Keratinocytes are important for the acute phase of HSV-1 infection and subsequent persistence in sensory nervous tissue. In this study, we showed that keratinocytes (HEL-30) were refractory to IFN-γ induction of an antiviral state to HSV-1 infection, while IFN-γ did induce an antiviral state in fibroblasts (L929). This led us to examine the possible role of suppressor of cytokine signaling-1 (SOCS-1) in this refractiveness. RT-PCR analysis of SOCS-1 mRNA expression in HSV-1-infected cells showed a 4-fold increase for keratinocytes while having a negligible effect on fibroblasts. A similar pattern was observed at the level of SOCS-1 protein induction. Activation of STAT1α in keratinocytes was inhibited by HSV-1 infection. A direct effect of HSV-1 on the SOCS-1 promoter was shown in a luciferase reporter gene assay. We have developed a small peptide antagonist of SOCS-1, pJAK2(1001–1013), that had both an antiviral effect in keratinocytes against HSV-1 as well as a synergistic effect on IFN-γ induction of an antiviral state. HSV-1 ICP0 mutant was inhibited by IFN-γ in HEL-30 cells and was less effective than wild-type virus in induction of SOCS-1 promoter. We conclude that SOCS-1 plays an important role in the inhibition of the antiviral effect of IFN-γ in keratinocytes infected with HSV-1. The use of SOCS-1 antagonist to abrogate this refractiveness could have a transformational effect on therapy against viral infections.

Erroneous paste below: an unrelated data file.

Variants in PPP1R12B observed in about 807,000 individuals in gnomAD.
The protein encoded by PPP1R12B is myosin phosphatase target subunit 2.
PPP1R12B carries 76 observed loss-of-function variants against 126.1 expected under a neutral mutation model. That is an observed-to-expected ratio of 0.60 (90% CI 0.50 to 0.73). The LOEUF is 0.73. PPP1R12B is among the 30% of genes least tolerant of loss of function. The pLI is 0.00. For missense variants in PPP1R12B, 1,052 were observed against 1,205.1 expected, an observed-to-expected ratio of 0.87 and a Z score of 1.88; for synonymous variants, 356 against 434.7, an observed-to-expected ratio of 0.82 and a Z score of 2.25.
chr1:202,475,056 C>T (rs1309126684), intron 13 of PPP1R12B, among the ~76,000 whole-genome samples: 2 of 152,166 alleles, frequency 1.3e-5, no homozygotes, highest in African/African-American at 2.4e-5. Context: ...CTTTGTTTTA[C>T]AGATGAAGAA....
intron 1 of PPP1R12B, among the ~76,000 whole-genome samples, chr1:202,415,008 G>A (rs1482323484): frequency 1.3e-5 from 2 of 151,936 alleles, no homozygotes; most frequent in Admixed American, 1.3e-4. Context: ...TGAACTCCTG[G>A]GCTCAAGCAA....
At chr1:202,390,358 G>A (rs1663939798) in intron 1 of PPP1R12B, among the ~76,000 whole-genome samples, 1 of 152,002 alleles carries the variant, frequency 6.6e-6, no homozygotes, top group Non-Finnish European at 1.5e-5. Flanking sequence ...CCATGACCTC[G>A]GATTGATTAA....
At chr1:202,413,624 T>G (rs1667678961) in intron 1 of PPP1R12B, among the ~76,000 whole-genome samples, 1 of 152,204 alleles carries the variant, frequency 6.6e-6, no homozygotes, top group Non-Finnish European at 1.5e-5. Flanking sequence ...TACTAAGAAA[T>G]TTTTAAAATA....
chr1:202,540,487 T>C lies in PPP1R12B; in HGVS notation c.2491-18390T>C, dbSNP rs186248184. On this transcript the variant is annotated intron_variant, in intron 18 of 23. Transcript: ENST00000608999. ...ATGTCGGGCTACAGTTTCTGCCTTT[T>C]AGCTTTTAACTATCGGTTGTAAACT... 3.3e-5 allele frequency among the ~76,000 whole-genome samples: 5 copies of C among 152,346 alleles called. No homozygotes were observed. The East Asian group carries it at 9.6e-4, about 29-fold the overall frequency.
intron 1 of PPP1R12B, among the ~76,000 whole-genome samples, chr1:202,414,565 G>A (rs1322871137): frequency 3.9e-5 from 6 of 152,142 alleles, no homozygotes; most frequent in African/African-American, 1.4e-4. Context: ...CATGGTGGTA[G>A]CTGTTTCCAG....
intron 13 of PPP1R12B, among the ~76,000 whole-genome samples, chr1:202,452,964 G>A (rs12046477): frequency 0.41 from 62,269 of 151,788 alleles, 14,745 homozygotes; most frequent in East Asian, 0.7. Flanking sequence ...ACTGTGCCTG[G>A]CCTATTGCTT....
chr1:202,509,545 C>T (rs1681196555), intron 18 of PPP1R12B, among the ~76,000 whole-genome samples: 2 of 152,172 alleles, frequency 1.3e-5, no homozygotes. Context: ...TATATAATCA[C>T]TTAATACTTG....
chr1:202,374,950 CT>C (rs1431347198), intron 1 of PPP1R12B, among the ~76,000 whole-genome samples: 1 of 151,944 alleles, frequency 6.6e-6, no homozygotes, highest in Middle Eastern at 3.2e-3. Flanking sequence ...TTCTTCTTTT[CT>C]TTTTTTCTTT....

Available at: http://works.bepress.com/nancy_bigley/38/